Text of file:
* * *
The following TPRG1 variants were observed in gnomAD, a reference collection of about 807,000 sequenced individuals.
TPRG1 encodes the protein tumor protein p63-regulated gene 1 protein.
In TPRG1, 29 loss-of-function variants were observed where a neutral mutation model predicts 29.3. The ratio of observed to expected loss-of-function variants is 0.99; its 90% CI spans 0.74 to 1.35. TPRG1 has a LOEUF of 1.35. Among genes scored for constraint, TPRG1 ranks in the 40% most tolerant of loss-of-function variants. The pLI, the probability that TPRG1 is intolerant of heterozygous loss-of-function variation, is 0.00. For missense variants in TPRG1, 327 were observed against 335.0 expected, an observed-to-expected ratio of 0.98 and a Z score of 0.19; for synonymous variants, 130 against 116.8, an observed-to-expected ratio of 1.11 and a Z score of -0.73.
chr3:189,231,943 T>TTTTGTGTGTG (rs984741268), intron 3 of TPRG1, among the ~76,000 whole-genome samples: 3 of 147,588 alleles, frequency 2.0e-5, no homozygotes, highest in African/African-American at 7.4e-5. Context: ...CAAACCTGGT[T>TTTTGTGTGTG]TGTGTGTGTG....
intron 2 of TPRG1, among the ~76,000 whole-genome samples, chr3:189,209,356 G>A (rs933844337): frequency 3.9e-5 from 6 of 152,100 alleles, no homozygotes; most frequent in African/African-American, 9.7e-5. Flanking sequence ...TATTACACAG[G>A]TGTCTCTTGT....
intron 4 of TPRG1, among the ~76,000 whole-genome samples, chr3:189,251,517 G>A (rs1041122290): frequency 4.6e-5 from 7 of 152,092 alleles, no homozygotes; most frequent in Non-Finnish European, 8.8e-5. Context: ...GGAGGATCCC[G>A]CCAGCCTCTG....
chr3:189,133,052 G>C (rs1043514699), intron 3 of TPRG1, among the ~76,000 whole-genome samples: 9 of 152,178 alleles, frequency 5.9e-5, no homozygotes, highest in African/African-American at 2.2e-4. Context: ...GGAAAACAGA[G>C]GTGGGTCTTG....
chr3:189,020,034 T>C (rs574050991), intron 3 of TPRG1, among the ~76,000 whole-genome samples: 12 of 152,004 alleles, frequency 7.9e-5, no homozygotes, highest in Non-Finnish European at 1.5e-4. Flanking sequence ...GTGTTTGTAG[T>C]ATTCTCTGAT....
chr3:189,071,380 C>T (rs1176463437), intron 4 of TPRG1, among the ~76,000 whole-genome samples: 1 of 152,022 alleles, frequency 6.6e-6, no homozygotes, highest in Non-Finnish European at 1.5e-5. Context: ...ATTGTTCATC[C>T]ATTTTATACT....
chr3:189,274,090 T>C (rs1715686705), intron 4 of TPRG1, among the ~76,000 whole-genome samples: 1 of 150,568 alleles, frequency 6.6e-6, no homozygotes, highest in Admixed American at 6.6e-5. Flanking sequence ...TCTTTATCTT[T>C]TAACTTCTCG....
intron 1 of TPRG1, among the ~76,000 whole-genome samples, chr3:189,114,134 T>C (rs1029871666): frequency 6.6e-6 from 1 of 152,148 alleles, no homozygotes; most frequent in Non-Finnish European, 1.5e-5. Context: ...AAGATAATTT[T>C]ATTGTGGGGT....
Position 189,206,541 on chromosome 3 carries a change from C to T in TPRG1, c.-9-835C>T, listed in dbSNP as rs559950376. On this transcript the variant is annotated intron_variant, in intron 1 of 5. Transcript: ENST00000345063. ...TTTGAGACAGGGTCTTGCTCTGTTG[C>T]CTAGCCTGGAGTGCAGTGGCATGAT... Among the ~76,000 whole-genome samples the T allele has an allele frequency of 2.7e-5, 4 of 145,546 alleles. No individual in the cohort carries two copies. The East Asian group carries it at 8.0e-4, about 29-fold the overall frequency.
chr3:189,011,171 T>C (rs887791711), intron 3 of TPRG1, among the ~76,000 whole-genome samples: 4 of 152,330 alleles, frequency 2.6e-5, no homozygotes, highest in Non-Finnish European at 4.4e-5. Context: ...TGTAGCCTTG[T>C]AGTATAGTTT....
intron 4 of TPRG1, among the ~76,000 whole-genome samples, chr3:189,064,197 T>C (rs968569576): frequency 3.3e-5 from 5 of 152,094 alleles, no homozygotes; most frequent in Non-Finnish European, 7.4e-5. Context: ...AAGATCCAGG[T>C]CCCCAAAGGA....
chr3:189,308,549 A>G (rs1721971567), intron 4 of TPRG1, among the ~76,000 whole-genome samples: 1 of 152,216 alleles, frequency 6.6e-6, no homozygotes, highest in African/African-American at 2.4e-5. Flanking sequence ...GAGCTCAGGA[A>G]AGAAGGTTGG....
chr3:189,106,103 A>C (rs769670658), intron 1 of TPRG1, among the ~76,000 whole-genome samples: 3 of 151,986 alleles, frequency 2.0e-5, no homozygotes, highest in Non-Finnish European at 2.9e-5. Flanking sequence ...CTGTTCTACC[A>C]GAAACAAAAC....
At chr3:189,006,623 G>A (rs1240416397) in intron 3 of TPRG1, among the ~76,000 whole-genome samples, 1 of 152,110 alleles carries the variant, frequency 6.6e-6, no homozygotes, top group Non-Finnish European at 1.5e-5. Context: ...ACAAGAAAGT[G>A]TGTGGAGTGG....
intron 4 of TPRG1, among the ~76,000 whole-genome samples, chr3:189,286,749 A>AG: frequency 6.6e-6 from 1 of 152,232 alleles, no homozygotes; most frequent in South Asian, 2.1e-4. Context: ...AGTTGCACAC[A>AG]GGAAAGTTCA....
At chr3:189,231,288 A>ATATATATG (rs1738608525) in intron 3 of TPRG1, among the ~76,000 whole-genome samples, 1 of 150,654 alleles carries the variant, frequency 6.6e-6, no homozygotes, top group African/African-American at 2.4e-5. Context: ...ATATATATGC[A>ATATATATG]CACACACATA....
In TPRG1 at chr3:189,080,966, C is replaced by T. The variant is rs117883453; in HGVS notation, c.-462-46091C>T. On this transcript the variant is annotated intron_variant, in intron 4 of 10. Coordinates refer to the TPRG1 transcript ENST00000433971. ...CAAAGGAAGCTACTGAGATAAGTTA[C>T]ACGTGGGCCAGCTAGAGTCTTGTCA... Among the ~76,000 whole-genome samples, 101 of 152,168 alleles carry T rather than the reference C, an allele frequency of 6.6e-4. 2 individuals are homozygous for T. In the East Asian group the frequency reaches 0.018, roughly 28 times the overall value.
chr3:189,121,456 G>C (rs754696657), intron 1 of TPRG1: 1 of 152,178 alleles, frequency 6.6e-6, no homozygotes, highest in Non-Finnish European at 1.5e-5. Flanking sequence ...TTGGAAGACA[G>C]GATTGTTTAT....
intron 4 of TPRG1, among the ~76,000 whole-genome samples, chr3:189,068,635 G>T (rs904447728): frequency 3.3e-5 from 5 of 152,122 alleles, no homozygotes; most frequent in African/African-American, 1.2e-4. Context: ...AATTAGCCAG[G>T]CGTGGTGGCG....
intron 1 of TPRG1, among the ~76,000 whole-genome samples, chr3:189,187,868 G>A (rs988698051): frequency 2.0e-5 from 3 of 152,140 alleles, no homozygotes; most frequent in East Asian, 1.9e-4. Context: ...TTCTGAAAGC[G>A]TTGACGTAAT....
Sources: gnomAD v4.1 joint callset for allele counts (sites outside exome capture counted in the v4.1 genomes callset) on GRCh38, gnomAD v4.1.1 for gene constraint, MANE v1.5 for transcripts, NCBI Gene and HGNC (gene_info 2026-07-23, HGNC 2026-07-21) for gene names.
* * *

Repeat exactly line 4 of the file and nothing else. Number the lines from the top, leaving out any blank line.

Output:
chr3:189,231,943 T>TTTTGTGTGTG (rs984741268), intron 3 of TPRG1, among the ~76,000 whole-genome samples: 3 of 147,588 alleles, frequency 2.0e-5, no homozygotes, highest in African/African-American at 7.4e-5. Context: ...CAAACCTGGT[T>TTTTGTGTGTG]TGTGTGTGTG....